I knew I was neglecting my blog in 2012, but I did not realize just how much until I received WordPress’ year in review for 2012 (Feel free to take a peek at it). The line that stopped me dead was “In 2012, there was 1 new post”. Sure enough – one post it was.
Well, this . . . → Read More: Oops: there goes the blog in 2012
I was asked to guest blog for TAUS about my research/work project UNCORPORA. The article has now gone live. It might be interesting for people interested in UN languages, natural language processing or (by following links) XML geeks.
. . . → Read More: My guest post about uncorpora project at TAUS blog
I like ANTLR! It is a specialized tool that can really be applied to many difficult tasks when regular expressions get all Dust Puppy like. And I have used it in the past with great success.
But, every time I put this particular tool aside, I know that picking it back up will be like . . . → Read More: Making up with ANTLR
A recent article on lingpipe discussed conjuncted named entities such as Johnson and Johnson and Wallace and Gromit. They suggest that maybe a way of treating this is as a frozen expression. I assume that means relying on statistical measures to see this Multi-Word-Expression repeating enough times to be treated as a unit.
In the . . . → Read More: Conjunctions in named entities
I am collecting my reading and reference material in CiteULike. I like the service because it can capture details from multiple sources. It also allows to discover what was collected by other interesting people through tags, people and bookmarks graph navigation.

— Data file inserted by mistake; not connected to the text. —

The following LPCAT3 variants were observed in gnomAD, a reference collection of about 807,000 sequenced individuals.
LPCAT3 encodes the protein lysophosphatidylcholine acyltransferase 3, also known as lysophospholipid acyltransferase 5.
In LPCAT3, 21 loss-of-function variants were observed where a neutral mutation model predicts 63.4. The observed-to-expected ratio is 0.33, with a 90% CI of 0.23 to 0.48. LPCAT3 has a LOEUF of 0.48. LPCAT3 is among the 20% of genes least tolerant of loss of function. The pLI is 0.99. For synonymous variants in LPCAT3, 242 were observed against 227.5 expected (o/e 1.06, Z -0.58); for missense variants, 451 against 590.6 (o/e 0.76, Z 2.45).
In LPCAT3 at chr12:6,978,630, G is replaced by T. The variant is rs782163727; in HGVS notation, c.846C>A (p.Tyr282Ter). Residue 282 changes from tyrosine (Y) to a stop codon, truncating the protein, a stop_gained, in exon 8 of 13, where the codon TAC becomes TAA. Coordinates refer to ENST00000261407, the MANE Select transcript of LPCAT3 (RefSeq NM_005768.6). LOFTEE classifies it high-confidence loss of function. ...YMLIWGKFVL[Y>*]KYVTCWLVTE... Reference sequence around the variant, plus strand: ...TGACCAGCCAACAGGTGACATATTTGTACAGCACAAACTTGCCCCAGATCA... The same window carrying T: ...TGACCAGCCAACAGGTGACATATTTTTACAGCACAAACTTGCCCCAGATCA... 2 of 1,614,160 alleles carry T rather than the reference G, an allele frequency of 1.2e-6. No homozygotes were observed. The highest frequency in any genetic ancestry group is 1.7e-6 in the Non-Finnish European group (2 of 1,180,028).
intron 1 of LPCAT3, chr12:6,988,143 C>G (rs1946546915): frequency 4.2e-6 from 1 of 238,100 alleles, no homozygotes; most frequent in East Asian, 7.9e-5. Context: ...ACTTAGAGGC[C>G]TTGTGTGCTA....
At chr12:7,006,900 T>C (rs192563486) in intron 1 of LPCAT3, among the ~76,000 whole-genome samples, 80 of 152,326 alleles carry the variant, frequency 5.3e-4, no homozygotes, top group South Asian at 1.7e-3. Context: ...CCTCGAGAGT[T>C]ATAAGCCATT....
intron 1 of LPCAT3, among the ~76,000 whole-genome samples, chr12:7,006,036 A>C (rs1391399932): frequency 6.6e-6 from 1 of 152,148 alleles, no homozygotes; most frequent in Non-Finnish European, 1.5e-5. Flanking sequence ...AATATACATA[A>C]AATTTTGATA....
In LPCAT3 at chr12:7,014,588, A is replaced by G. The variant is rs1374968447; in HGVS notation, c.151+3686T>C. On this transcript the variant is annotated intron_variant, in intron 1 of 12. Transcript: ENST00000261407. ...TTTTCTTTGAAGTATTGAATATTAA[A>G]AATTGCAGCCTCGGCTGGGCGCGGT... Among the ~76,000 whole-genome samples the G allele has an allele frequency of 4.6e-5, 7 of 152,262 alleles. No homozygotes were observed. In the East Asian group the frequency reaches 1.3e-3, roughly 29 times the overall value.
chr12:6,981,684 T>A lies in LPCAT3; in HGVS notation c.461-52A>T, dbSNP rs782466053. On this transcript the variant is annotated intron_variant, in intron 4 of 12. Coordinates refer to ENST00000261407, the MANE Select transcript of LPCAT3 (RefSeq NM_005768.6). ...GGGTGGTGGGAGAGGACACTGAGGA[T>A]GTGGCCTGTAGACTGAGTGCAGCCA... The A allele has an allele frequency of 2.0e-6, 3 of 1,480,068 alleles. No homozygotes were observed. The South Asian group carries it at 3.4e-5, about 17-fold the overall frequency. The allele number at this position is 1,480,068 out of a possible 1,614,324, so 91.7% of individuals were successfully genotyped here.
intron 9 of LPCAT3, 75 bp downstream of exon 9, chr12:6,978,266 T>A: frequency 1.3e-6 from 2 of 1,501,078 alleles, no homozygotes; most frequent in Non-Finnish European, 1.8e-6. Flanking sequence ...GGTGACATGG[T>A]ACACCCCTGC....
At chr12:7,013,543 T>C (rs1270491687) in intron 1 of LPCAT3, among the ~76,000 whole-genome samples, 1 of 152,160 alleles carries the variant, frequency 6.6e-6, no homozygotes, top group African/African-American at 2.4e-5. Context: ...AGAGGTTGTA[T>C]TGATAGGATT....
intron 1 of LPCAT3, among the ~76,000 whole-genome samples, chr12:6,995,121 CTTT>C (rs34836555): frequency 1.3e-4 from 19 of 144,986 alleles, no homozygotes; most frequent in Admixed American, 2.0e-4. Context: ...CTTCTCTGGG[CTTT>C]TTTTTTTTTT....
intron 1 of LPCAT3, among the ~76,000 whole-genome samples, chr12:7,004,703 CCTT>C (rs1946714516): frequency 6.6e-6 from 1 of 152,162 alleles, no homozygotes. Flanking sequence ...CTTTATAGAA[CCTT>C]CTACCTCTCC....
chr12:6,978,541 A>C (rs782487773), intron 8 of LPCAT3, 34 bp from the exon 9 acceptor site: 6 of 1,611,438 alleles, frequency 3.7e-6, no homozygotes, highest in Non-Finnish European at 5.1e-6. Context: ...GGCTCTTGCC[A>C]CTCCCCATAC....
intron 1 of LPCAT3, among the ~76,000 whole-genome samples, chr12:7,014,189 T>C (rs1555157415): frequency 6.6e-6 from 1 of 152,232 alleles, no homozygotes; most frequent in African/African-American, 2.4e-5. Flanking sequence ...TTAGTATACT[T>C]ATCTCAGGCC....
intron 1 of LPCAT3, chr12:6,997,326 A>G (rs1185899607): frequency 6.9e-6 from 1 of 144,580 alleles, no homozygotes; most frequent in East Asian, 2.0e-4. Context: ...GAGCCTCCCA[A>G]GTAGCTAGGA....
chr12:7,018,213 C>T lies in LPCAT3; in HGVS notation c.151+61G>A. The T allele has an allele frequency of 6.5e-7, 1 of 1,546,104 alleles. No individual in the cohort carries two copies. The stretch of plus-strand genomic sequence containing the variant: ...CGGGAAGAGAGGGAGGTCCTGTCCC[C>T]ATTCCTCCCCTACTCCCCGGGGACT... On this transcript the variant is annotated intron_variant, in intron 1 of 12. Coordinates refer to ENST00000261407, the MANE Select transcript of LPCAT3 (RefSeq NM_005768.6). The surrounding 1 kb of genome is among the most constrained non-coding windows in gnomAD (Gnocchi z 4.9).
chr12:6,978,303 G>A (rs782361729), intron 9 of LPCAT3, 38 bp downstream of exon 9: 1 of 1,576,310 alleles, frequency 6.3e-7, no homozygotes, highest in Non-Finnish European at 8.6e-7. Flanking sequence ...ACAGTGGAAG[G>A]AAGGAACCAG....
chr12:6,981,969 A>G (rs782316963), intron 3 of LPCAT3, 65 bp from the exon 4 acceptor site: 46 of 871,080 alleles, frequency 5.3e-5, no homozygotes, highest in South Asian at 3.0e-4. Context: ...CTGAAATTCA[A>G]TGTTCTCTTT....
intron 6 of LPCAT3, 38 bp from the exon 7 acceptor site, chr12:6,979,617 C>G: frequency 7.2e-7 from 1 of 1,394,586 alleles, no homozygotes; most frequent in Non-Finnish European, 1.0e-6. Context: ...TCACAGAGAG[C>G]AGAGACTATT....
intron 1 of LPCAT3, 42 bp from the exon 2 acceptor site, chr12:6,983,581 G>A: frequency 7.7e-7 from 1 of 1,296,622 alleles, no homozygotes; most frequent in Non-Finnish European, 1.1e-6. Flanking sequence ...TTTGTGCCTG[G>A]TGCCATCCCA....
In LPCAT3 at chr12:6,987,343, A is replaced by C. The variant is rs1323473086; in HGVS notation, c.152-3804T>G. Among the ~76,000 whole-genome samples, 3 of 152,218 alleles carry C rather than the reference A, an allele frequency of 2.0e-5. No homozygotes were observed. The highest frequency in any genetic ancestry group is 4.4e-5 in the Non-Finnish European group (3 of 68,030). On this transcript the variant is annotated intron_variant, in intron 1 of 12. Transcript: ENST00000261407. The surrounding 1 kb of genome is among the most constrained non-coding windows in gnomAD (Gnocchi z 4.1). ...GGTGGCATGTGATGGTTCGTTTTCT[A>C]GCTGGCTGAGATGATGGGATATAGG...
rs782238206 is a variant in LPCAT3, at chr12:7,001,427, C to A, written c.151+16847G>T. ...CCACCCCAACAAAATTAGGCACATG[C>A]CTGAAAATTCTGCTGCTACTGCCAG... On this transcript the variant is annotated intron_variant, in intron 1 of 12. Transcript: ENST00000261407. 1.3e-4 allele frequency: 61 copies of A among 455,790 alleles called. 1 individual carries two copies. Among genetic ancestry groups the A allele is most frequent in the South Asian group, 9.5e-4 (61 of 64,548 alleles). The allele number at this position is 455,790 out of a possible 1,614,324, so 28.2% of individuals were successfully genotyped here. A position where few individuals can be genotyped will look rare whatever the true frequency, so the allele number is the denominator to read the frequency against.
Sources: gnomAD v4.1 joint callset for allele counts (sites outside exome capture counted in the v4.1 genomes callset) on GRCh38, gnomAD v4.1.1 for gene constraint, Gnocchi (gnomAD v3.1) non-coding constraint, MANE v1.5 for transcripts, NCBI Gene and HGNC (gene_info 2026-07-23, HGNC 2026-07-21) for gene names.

Nice as CiteULike is, it is fairly difficult to get an overall picture of . . . → Read More: Visualizing CiteULike collections
I am frustrated. I know my corpus (resolutions of the United Nations General Assembly) shares a lot in common with biomedical and legal domain. And I can find interesting articles in biomedical domain dealing with similar issues of complex tokenization, long named entity mentions (though mine are much longer), etc. But I see nothing in . . . → Read More: Where are all legal computational linguistics resources?
I have written about converting Microsoft Word files into text or html using OpenOffice before. However, the wizards I described in that article were crashing when the number of files crossed into several hundreds.
I have written some macros to do the conversion, but they were scary looking and fragile. Fortunately, I now found a . . . → Read More: Bulk converting doc files into txt (or html)
They say at BarCamp that if you don’t like the session you are in, feel free to go to a better one. No hard feelings. But what do you do, if you show up for the announced moderated discussion session yet the moderator does not.
That’s what happened to us with the last (5:15pm) slot . . . → Read More: Artificial Intelligence discussion at BarCampNYC3
Arthur C. Clarke once famously wrote “Any sufficiently advanced technology is indistinguishable from magic”. In the same vein, many people feel that any sufficiently established bureaucracy is like a black magic, sorcery even. Certainly, it often takes skills out of this world to follow the logic of modern tax return instructions.
Bureaucracy often has its . . . → Read More: Unravelling the black magic of bureaucracy